Language Use is Flexible and Creative

Fundamental to all human languages are a virtually unlimited expressive capacity and a creative flexibility that allow speakers to rapidly generate novel and complex utterances. All language use involves, to a greater or lesser degree, some level of creativity and flexibility, as individuals rhetorically or poetically select particular sounds and meanings in crafting their utterances and selecting which details to represent for a specific listener on a particular occasion (e.g., Tannen, 1989; Norrick, 1998). Indeed, in using language speakers do not simply reproduce: they recreate, repurpose, and recontextualize (Voloshinov, 1973; Bakhtin, 1986; Prior, 2001; Maybin and Swann, 2007). Sociolinguistic research points to the diverse functions that language flexibility and creativity serve across everyday settings as we reconstruct, reenact, and retell the events and narratives of our lives (Tannen, 1989; Ochs and Capps, 2001), and engage in playful verbal banter (Crystal, 1998; Sherzer, 2002).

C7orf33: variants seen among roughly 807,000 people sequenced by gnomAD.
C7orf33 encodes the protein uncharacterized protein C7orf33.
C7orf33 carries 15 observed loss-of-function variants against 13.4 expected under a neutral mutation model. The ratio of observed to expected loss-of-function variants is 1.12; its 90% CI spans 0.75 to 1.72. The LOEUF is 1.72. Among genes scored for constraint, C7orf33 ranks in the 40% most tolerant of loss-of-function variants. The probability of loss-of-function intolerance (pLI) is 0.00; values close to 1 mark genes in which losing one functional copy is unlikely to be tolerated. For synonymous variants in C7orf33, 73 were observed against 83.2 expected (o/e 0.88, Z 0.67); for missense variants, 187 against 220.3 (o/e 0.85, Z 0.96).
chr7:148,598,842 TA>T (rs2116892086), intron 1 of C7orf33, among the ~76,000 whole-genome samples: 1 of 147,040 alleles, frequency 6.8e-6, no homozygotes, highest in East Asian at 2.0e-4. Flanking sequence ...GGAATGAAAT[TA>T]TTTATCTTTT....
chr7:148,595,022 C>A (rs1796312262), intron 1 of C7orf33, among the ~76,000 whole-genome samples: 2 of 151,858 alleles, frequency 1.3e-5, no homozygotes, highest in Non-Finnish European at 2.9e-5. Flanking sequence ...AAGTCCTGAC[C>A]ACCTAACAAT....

Particularly in dialog settings, language use involves the flexible tailoring of language to the situation and dialog partner. In a classic technique for studying dialog termed the Referential Communication Task (Krauss and Weinheimer, 1964, 1966; Fussell and Krauss, 1992), pairs of naive participants, separated by a barrier, work together to complete a joint task. Participants are each given a set of ∼12 cards with distinct but potentially confusable images (e.g., Figure 1), and one participant, the director, instructs another participant, the matcher, to re-arrange her cards into a different order over multiple rounds of play. Studies using the Referential Communication Task have demonstrated that dialog partners jointly create shared names for the images, speeding the accuracy and efficiency of game play across rounds (Clark and Wilkes-Gibbs, 1986). These names are not freely extended to new partners or non-participatory partners (e.g., overhearers, Schober and Clark, 1989; Wilkes-Gibbs and Clark, 1992; Brown-Schmidt, 2009a), suggesting that when the labels are interactively established, dialog partners also encode information about who that knowledge is shared with, i.e., information about their common ground (Clark, 1992, 1996).

FIGURE 1
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Figure 1. Set up and tangram figures for Referential Communication Task.